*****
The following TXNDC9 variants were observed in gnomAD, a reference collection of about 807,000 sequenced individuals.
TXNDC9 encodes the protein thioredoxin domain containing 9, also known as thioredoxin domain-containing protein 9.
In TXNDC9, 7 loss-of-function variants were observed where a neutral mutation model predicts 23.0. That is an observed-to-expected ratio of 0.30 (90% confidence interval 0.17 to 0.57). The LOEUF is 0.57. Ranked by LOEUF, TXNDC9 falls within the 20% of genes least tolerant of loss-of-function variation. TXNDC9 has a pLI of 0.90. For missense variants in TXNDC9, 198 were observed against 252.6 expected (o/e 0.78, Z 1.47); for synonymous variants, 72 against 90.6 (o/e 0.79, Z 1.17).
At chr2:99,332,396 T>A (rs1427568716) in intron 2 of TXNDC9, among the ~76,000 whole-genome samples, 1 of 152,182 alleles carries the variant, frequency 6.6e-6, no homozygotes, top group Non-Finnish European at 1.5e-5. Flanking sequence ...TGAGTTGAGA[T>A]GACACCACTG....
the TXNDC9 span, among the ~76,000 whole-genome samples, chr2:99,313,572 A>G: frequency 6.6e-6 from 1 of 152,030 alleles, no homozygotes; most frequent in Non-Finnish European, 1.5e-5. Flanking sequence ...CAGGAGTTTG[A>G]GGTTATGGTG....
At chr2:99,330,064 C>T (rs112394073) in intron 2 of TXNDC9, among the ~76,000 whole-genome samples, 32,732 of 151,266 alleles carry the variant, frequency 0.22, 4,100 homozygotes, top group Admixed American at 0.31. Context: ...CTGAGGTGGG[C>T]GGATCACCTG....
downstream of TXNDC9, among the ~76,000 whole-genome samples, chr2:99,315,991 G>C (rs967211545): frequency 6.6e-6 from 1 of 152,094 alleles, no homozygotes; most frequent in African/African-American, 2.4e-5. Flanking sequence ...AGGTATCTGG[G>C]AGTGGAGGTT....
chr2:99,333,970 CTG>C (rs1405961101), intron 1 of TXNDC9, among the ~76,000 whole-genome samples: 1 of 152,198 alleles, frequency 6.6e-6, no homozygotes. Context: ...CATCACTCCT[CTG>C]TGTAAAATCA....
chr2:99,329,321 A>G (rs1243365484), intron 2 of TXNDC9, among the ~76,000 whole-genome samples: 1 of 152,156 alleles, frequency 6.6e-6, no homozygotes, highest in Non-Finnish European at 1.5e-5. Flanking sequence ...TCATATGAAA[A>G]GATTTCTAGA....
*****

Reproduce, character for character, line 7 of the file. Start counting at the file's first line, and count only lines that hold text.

downstream of TXNDC9, among the ~76,000 whole-genome samples, chr2:99,315,991 G>C (rs967211545): frequency 6.6e-6 from 1 of 152,094 alleles, no homozygotes; most frequent in African/African-American, 2.4e-5. Flanking sequence ...AGGTATCTGG[G>C]AGTGGAGGTT....